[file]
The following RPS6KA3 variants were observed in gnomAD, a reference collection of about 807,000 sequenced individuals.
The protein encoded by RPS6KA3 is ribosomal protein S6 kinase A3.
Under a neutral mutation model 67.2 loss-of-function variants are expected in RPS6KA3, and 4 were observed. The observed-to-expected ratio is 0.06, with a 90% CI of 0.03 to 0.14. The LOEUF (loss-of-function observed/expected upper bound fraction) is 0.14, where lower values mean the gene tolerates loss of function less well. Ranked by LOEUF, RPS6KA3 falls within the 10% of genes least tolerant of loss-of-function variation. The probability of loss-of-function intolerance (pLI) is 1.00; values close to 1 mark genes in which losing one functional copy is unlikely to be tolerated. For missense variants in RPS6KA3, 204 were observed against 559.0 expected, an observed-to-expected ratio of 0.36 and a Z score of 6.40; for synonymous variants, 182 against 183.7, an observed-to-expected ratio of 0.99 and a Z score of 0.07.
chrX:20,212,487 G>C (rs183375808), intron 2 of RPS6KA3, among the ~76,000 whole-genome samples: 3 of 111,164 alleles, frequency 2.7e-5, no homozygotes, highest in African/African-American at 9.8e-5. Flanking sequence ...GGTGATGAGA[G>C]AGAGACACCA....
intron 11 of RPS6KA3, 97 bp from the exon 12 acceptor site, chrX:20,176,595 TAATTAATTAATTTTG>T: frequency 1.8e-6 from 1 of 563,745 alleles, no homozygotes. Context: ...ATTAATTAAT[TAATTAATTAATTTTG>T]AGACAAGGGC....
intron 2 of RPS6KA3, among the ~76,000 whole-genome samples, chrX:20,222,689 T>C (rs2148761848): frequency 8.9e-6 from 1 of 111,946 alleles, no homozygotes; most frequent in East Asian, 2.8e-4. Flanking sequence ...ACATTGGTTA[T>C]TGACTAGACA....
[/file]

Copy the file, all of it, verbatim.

The following RPS6KA3 variants were observed in gnomAD, a reference collection of about 807,000 sequenced individuals.
The protein encoded by RPS6KA3 is ribosomal protein S6 kinase A3.
Under a neutral mutation model 67.2 loss-of-function variants are expected in RPS6KA3, and 4 were observed. The observed-to-expected ratio is 0.06, with a 90% CI of 0.03 to 0.14. The LOEUF (loss-of-function observed/expected upper bound fraction) is 0.14, where lower values mean the gene tolerates loss of function less well. Ranked by LOEUF, RPS6KA3 falls within the 10% of genes least tolerant of loss-of-function variation. The probability of loss-of-function intolerance (pLI) is 1.00; values close to 1 mark genes in which losing one functional copy is unlikely to be tolerated. For missense variants in RPS6KA3, 204 were observed against 559.0 expected, an observed-to-expected ratio of 0.36 and a Z score of 6.40; for synonymous variants, 182 against 183.7, an observed-to-expected ratio of 0.99 and a Z score of 0.07.
chrX:20,212,487 G>C (rs183375808), intron 2 of RPS6KA3, among the ~76,000 whole-genome samples: 3 of 111,164 alleles, frequency 2.7e-5, no homozygotes, highest in African/African-American at 9.8e-5. Flanking sequence ...GGTGATGAGA[G>C]AGAGACACCA....
intron 11 of RPS6KA3, 97 bp from the exon 12 acceptor site, chrX:20,176,595 TAATTAATTAATTTTG>T: frequency 1.8e-6 from 1 of 563,745 alleles, no homozygotes. Context: ...ATTAATTAAT[TAATTAATTAATTTTG>T]AGACAAGGGC....
intron 2 of RPS6KA3, among the ~76,000 whole-genome samples, chrX:20,222,689 T>C (rs2148761848): frequency 8.9e-6 from 1 of 111,946 alleles, no homozygotes; most frequent in East Asian, 2.8e-4. Flanking sequence ...ACATTGGTTA[T>C]TGACTAGACA....